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36%funded
$324raised
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Abi

Abi is a one-year-old baby from Ethiopia who loves to play with his mother. His father serves in their church, and his mother is a homemaker. His parents share that their income is limited and only supports their basic day-to-day needs. Abi's parents also share that he was born prematurely, along with his twin sister, who unfortunately passed away after birth. Since birth, Abi has had a bilateral inguinal hernia, a condition that results from weakness in the abdominal wall, as well as hypospadias, which will need treatment in the future. The hernia causes him to experience irritability, pain, discomfort, and a reduced appetite. Despite his mother traveling to multiple different hospitals in attempts to have her son treated, he still has not received his much-needed hernia repair surgery due to his family's financial constraints. Fortunately, Abi will finally undergo hernia repair surgery on August 16th with the help of our medical partner, African Mission Healthcare Foundation (AMHF). Now, AMHF is requesting $591 to fund Abi's surgery. Once completed, this procedure will hopefully allow him to live more comfortably and confidently. His mother shares, “We are having a hard time since the birth of Abi. He is suffering, and we couldn’t get him the treatment. I am always afraid of losing him, as I lost his twin sister. He can’t sit, and I am worried it’s because of his condition. He vomits the food I feed him. But since I got here, I have hope that he will get the treatment and heal. I hope he will sit and eat well after the surgery.”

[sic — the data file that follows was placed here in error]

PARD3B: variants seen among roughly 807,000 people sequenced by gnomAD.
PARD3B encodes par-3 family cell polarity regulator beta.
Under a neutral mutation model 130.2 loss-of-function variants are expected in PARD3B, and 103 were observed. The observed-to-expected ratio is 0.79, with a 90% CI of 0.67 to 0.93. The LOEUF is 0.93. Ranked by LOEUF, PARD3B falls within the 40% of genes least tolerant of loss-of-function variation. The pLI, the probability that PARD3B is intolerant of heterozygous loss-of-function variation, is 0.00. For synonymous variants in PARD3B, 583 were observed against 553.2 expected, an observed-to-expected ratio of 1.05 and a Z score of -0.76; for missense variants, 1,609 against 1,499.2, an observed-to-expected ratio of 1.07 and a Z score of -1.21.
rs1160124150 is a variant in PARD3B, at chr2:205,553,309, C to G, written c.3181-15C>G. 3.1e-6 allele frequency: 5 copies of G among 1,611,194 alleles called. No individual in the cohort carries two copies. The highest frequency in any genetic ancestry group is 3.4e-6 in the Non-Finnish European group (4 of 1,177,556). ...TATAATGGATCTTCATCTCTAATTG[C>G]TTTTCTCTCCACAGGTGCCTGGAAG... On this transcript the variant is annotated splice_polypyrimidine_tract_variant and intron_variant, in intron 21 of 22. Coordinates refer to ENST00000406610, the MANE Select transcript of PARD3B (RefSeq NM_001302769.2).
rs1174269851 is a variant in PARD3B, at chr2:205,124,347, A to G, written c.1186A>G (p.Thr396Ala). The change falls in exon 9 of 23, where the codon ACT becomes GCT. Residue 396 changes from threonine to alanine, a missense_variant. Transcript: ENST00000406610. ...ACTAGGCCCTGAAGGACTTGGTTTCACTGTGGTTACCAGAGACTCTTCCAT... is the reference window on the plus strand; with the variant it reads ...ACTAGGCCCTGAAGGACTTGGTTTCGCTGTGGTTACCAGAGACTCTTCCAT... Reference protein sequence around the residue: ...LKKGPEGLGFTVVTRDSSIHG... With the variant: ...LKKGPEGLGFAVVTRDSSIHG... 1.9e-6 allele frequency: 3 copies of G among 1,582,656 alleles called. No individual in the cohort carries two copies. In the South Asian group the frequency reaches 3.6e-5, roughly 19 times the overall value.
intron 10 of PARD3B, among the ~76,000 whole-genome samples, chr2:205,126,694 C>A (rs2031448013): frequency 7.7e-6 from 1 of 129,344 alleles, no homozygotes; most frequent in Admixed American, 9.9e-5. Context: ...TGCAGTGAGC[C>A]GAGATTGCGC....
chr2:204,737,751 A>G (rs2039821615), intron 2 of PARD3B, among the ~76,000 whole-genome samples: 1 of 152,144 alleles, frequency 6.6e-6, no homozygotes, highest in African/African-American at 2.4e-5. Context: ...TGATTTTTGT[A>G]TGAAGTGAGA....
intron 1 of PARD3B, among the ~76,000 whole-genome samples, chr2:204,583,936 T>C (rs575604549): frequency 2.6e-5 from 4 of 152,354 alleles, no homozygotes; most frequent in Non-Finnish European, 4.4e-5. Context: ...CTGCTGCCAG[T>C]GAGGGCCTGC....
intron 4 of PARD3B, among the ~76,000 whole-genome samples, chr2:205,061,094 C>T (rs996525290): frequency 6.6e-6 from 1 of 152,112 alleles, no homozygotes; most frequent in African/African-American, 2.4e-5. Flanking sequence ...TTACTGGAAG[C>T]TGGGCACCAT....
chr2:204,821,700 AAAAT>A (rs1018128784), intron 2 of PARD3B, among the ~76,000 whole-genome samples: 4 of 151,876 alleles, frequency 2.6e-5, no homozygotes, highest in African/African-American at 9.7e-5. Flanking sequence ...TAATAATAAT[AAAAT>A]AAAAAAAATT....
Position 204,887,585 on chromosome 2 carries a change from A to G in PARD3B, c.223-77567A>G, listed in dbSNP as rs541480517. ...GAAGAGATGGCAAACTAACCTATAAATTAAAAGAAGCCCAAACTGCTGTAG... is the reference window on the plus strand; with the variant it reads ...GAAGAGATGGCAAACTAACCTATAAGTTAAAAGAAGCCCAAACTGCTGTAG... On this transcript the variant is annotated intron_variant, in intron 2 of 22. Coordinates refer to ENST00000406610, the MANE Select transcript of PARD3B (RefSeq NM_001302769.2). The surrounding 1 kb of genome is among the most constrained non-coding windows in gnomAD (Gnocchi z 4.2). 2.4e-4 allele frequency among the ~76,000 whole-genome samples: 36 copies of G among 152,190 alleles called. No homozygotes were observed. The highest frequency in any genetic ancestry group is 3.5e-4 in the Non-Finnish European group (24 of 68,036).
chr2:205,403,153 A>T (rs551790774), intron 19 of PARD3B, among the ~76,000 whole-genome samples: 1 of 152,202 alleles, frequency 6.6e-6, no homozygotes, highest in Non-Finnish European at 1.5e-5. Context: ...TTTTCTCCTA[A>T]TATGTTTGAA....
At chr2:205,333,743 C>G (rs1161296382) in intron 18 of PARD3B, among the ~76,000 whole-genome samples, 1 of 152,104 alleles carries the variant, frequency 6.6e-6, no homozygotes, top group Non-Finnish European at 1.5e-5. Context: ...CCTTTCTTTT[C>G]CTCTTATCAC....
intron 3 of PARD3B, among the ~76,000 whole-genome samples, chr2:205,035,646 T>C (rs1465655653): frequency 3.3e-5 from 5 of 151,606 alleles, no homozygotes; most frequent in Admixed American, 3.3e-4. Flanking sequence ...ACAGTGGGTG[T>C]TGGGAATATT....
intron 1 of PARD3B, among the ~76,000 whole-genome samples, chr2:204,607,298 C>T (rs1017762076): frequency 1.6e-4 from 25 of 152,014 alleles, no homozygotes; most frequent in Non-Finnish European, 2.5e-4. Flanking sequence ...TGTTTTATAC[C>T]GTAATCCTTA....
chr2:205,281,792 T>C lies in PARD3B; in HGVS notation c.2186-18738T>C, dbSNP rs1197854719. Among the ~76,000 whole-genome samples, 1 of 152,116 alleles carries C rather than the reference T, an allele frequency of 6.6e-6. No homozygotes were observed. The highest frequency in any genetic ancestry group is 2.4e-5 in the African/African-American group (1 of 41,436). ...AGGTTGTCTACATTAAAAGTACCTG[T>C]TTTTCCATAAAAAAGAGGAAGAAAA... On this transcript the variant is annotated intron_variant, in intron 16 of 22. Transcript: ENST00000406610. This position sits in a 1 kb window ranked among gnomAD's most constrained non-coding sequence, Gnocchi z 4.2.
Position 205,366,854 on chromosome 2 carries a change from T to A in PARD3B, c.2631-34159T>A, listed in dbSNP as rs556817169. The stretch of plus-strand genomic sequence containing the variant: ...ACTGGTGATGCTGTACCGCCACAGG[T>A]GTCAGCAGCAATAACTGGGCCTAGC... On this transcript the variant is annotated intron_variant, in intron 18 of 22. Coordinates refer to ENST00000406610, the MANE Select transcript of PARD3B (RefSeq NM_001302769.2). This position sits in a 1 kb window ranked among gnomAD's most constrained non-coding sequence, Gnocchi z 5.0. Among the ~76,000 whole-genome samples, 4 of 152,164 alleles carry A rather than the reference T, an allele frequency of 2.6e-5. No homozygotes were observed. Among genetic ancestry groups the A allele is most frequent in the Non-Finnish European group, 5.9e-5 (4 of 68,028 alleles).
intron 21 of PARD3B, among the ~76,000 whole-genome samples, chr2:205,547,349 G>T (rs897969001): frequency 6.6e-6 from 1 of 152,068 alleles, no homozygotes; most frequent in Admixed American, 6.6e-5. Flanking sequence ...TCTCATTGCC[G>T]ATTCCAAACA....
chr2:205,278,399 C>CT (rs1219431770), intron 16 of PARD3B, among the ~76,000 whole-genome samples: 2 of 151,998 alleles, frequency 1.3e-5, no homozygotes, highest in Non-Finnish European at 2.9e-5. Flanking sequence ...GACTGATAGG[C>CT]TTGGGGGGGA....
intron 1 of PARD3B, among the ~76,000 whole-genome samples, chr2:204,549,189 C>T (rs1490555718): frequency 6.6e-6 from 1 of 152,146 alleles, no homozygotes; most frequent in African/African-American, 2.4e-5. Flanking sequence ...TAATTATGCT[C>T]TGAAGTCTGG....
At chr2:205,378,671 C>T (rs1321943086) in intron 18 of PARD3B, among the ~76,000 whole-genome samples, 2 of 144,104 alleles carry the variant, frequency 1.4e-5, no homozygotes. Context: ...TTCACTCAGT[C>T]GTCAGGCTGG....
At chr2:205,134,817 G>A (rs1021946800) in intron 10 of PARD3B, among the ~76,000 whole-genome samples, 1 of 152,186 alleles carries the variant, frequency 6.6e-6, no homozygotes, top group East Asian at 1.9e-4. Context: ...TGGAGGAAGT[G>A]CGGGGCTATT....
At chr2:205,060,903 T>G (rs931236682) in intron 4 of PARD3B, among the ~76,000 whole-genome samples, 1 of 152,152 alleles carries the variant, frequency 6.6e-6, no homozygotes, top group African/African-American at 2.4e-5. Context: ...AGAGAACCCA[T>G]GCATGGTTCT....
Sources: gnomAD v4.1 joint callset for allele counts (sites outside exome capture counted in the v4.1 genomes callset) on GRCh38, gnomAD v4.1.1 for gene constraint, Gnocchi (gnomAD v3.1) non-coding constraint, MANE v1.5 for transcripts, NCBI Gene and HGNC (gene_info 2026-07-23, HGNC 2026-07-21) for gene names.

43% funded

43%funded
$260raised
$331to go

Meet another patient you can support

100% of your donation funds life-changing surgery.

Oo